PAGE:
THE year 1975 was a stand-out year for Norma Joseph as she won three South African junior ladies titles in Durban and set two senior ladies sprint records in Cape Town.
It was in February of that year that Joseph set new SAAAB sprint records in the Senior Ladies 100m (12.5 seconds) and 200m (26.0 seconds) at the tartan track of the Green Point Stadium.
She won the junior ladies 100m, 200m and long jump in Durban.
Joseph, the Alexander Sinton High School sprinter, competed against her school mates Frances Williams and Audrey Louw, as well as Shariefa Bardien of Livingstone High and Sharon Alexander of Oaklands High School. It made for absorbing sprint and long jump contests at the Green Point Track, Athlone Stadium, the Daljosphat Stadium in Paarl and the Bellville South cinder track during the early to mid 1970’s.
Bardien was an exceptional athlete in the under 14 and 15 age groups with Louw, who continued to excel in later years. The two competed at the 1971 and 1972 Champion of Champions Meeting at Green Point Track. Their names featured in the Western Province Senior Schools Sports Union’s 75m and 100m record books.
In those days the girls under 14 and 15 ran the 75m and 100m, with the girls under 17 running the 100m and 150m races. The girls open ran the 100m and 200m.
The distances of races, together with field events such as triple jump were added to the programme in later years.
Louw, a year older than Joseph and Alexander, was a class act in the sprints and long jump throughout her school career and briefly as a student teacher at Hewat Training College, before an injury brought her blossoming career to a premature end.
The three sprinters, however, (Louw, Alexander and Joseph), did compete against each other in the under 17 age group at school level in 1972 at the Green Point Track, as there was no under 16 age group for girls at the time. Bardien fell away in the under 17 age group.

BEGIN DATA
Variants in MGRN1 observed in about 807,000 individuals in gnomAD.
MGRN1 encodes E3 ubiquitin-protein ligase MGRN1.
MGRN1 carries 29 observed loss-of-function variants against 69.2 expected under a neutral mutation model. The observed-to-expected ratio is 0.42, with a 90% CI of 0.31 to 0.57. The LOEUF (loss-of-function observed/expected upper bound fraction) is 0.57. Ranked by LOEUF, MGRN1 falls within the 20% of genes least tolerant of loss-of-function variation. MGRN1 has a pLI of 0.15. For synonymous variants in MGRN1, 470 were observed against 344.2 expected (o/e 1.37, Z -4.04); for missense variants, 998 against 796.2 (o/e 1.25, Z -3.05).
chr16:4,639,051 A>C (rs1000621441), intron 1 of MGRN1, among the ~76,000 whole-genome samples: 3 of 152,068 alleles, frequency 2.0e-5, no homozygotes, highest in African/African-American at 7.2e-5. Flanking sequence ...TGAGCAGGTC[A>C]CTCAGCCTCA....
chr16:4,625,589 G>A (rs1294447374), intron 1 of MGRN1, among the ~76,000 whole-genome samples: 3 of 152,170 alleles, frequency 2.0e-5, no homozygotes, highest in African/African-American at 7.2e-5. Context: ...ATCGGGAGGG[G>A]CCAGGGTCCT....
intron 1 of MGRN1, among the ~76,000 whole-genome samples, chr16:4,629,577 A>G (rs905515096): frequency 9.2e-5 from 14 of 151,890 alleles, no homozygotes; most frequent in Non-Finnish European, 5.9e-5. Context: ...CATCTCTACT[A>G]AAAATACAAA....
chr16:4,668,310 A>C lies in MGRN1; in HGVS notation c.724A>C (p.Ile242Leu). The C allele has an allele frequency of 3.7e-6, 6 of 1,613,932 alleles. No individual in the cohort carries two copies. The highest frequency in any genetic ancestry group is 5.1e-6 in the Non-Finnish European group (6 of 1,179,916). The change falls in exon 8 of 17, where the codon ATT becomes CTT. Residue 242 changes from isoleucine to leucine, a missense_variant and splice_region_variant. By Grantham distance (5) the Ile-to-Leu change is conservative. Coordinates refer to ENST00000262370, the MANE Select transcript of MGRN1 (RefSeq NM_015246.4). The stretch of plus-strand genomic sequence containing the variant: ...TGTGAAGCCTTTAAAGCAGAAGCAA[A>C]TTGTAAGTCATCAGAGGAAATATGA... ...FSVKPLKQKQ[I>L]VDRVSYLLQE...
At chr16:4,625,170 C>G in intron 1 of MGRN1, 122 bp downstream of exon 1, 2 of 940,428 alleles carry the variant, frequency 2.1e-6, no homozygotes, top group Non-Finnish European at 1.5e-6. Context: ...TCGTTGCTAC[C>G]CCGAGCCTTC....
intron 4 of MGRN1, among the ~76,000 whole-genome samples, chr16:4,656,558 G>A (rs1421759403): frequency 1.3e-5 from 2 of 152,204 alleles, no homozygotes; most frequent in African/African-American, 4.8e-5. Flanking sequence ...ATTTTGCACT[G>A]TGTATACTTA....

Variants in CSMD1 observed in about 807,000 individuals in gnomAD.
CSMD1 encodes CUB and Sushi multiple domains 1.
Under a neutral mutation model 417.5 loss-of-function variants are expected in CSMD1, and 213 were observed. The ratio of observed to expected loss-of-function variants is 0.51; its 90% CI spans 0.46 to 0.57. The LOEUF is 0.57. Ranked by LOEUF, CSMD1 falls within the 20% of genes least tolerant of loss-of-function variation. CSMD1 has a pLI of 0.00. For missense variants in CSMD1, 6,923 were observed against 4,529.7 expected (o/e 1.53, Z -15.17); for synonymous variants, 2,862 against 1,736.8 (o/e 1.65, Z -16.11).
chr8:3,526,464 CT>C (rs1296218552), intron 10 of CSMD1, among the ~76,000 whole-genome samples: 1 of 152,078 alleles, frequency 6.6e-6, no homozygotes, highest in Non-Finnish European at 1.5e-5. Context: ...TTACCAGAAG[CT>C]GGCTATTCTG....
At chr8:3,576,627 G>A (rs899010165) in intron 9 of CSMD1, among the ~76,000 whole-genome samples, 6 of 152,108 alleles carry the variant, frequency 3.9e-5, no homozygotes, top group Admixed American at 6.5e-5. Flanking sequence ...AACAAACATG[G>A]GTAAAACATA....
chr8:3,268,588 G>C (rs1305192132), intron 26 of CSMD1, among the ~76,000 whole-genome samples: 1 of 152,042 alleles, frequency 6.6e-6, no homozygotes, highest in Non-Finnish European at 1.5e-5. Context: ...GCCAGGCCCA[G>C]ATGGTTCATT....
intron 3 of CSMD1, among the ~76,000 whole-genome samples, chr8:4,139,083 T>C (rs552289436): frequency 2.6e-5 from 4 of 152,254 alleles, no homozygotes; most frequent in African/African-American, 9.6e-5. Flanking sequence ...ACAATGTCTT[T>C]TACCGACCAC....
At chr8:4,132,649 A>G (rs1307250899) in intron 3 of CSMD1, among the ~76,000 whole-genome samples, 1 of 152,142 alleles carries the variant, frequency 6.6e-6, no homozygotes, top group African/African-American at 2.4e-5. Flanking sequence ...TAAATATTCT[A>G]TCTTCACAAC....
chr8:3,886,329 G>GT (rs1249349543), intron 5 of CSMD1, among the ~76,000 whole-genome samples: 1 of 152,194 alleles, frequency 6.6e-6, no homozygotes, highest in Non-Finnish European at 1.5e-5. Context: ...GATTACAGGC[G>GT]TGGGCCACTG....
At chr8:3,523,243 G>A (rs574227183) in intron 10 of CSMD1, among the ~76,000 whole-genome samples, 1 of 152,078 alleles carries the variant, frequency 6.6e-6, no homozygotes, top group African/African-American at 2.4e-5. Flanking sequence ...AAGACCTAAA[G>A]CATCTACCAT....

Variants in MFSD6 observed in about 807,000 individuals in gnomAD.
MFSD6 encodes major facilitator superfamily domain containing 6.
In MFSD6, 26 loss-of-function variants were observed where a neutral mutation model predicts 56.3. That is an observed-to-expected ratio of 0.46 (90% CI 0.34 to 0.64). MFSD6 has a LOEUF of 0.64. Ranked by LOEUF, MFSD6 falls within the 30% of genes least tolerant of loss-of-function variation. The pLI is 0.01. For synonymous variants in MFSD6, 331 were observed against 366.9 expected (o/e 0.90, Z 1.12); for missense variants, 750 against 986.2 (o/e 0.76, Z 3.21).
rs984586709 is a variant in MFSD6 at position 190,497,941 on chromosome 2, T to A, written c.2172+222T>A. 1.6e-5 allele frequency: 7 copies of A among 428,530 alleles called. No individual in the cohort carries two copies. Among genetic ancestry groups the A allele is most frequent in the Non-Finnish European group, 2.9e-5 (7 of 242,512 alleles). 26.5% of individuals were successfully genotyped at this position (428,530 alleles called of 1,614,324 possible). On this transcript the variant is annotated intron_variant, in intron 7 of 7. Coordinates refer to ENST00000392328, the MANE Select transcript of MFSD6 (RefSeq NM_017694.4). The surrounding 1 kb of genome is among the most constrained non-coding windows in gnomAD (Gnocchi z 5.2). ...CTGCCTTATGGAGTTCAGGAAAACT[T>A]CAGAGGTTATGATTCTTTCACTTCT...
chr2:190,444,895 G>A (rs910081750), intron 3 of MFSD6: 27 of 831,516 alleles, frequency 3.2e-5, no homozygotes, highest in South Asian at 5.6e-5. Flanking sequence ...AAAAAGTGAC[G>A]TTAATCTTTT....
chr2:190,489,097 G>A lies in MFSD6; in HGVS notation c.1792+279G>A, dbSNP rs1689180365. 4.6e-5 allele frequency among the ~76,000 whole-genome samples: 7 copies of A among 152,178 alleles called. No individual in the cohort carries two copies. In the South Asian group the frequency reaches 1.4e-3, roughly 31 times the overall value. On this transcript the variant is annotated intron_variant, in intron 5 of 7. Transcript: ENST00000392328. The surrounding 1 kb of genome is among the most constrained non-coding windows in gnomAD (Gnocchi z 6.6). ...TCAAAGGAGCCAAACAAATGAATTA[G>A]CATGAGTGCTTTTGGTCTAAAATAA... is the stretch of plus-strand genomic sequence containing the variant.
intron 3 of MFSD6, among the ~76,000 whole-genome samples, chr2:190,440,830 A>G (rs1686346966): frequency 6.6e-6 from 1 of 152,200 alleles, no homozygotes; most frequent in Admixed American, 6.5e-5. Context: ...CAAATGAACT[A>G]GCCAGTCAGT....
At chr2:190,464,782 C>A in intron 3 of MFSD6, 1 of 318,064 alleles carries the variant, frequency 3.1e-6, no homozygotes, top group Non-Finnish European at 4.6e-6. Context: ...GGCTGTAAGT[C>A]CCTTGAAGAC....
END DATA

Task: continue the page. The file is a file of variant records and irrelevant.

Coming through the ranks was Sharon Hanslo of Wittebome who would eventually compete against Alexander in the late 1970’s at club level.
The Western Province sprint and long jump records were held by all these young ladies at different times in their careers.
But this story is really about Joseph who attended St Raphaels Primary School between 1963 and 1971 and was a union and provincial athlete there.
Joseph and Alexander (Thornton Road Primary School) were rivals since primary school days in the 1960s and their rivalry would last through to high school and club athletics, gaining provincial colours at all three levels.
“My greatest moments were at the Green Point Track – that is where I really found my love for the sport, the urging, the cheering and the encouragement of my school friends, and coach Mr (Dennis) MacKay,” says Joseph.
Alexander and Joseph were Athlone Union and Western Province schools athletes (primary and high school).
Joesph was a barefooted sprinter until she got to high school where she was introduced to wearing a pair of spikes.
“Norma had to get used to running in the spikes, it wasn’t easy at first,” says her 90-year old mother Helen Joseph.
“O, Norma was a real star, we would go and watch her at all the different venues; Green Point, Hewat, Athlone Stadium, Bellville South and even Paarl. My son Stephen and I travelled by train to Bellville and Paarl. You know, there were no hooligans on the trains, the trains were empty and you felt safe.